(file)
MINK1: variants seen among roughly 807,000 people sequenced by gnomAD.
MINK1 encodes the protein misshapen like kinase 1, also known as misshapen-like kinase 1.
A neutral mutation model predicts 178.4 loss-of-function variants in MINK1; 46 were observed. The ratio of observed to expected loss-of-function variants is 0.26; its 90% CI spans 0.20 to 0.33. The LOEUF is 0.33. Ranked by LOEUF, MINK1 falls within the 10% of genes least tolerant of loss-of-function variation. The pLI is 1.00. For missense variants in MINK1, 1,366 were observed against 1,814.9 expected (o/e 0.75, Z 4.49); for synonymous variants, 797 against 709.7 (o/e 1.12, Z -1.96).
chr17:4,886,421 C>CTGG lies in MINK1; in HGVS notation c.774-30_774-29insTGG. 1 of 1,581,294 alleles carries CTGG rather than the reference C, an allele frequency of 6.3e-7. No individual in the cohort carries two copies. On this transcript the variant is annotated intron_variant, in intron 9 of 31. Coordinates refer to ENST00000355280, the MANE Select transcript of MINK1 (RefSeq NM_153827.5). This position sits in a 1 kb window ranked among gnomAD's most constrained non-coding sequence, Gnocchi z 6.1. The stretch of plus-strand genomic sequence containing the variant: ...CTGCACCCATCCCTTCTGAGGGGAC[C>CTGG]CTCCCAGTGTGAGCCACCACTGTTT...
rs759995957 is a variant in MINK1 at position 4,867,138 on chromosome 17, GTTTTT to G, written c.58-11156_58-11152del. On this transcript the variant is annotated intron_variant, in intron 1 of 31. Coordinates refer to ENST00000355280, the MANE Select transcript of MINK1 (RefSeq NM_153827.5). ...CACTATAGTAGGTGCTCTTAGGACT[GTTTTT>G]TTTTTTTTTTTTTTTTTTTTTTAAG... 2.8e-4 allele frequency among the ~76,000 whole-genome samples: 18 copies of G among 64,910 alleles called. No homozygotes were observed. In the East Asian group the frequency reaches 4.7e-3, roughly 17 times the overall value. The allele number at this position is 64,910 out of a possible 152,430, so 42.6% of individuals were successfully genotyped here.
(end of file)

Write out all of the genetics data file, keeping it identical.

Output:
MINK1: variants seen among roughly 807,000 people sequenced by gnomAD.
MINK1 encodes the protein misshapen like kinase 1, also known as misshapen-like kinase 1.
A neutral mutation model predicts 178.4 loss-of-function variants in MINK1; 46 were observed. The ratio of observed to expected loss-of-function variants is 0.26; its 90% CI spans 0.20 to 0.33. The LOEUF is 0.33. Ranked by LOEUF, MINK1 falls within the 10% of genes least tolerant of loss-of-function variation. The pLI is 1.00. For missense variants in MINK1, 1,366 were observed against 1,814.9 expected (o/e 0.75, Z 4.49); for synonymous variants, 797 against 709.7 (o/e 1.12, Z -1.96).
chr17:4,886,421 C>CTGG lies in MINK1; in HGVS notation c.774-30_774-29insTGG. 1 of 1,581,294 alleles carries CTGG rather than the reference C, an allele frequency of 6.3e-7. No individual in the cohort carries two copies. On this transcript the variant is annotated intron_variant, in intron 9 of 31. Coordinates refer to ENST00000355280, the MANE Select transcript of MINK1 (RefSeq NM_153827.5). This position sits in a 1 kb window ranked among gnomAD's most constrained non-coding sequence, Gnocchi z 6.1. The stretch of plus-strand genomic sequence containing the variant: ...CTGCACCCATCCCTTCTGAGGGGAC[C>CTGG]CTCCCAGTGTGAGCCACCACTGTTT...
rs759995957 is a variant in MINK1 at position 4,867,138 on chromosome 17, GTTTTT to G, written c.58-11156_58-11152del. On this transcript the variant is annotated intron_variant, in intron 1 of 31. Coordinates refer to ENST00000355280, the MANE Select transcript of MINK1 (RefSeq NM_153827.5). ...CACTATAGTAGGTGCTCTTAGGACT[GTTTTT>G]TTTTTTTTTTTTTTTTTTTTTTAAG... 2.8e-4 allele frequency among the ~76,000 whole-genome samples: 18 copies of G among 64,910 alleles called. No homozygotes were observed. In the East Asian group the frequency reaches 4.7e-3, roughly 17 times the overall value. The allele number at this position is 64,910 out of a possible 152,430, so 42.6% of individuals were successfully genotyped here.